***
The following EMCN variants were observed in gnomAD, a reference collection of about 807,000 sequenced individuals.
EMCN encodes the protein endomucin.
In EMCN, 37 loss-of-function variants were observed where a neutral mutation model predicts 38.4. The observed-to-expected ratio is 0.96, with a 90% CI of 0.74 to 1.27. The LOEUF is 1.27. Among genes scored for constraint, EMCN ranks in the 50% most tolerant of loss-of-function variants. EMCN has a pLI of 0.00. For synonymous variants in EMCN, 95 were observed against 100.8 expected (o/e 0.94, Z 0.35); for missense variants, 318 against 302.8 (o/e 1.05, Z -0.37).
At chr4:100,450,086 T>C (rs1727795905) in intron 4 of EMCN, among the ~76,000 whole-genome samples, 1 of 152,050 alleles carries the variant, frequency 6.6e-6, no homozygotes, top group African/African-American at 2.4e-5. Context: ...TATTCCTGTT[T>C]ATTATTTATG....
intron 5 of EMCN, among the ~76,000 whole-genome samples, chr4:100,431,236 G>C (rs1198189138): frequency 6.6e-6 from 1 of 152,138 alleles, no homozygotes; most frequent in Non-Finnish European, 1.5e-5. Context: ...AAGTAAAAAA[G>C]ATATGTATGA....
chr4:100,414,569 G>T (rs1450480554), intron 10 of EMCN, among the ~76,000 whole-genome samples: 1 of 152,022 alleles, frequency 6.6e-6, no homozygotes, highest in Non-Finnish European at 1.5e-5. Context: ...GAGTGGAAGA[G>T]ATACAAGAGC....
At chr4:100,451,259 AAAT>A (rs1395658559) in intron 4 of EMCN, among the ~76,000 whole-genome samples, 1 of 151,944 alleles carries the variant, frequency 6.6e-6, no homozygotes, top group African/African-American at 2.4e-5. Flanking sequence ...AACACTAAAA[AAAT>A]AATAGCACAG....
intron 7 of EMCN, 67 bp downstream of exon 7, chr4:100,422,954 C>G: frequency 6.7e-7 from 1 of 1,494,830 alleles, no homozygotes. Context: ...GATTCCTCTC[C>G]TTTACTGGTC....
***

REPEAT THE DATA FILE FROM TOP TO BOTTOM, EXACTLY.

The following EMCN variants were observed in gnomAD, a reference collection of about 807,000 sequenced individuals.
EMCN encodes the protein endomucin.
In EMCN, 37 loss-of-function variants were observed where a neutral mutation model predicts 38.4. The observed-to-expected ratio is 0.96, with a 90% CI of 0.74 to 1.27. The LOEUF is 1.27. Among genes scored for constraint, EMCN ranks in the 50% most tolerant of loss-of-function variants. EMCN has a pLI of 0.00. For synonymous variants in EMCN, 95 were observed against 100.8 expected (o/e 0.94, Z 0.35); for missense variants, 318 against 302.8 (o/e 1.05, Z -0.37).
At chr4:100,450,086 T>C (rs1727795905) in intron 4 of EMCN, among the ~76,000 whole-genome samples, 1 of 152,050 alleles carries the variant, frequency 6.6e-6, no homozygotes, top group African/African-American at 2.4e-5. Context: ...TATTCCTGTT[T>C]ATTATTTATG....
intron 5 of EMCN, among the ~76,000 whole-genome samples, chr4:100,431,236 G>C (rs1198189138): frequency 6.6e-6 from 1 of 152,138 alleles, no homozygotes; most frequent in Non-Finnish European, 1.5e-5. Context: ...AAGTAAAAAA[G>C]ATATGTATGA....
chr4:100,414,569 G>T (rs1450480554), intron 10 of EMCN, among the ~76,000 whole-genome samples: 1 of 152,022 alleles, frequency 6.6e-6, no homozygotes, highest in Non-Finnish European at 1.5e-5. Context: ...GAGTGGAAGA[G>T]ATACAAGAGC....
At chr4:100,451,259 AAAT>A (rs1395658559) in intron 4 of EMCN, among the ~76,000 whole-genome samples, 1 of 151,944 alleles carries the variant, frequency 6.6e-6, no homozygotes, top group African/African-American at 2.4e-5. Flanking sequence ...AACACTAAAA[AAAT>A]AATAGCACAG....
intron 7 of EMCN, 67 bp downstream of exon 7, chr4:100,422,954 C>G: frequency 6.7e-7 from 1 of 1,494,830 alleles, no homozygotes. Context: ...GATTCCTCTC[C>G]TTTACTGGTC....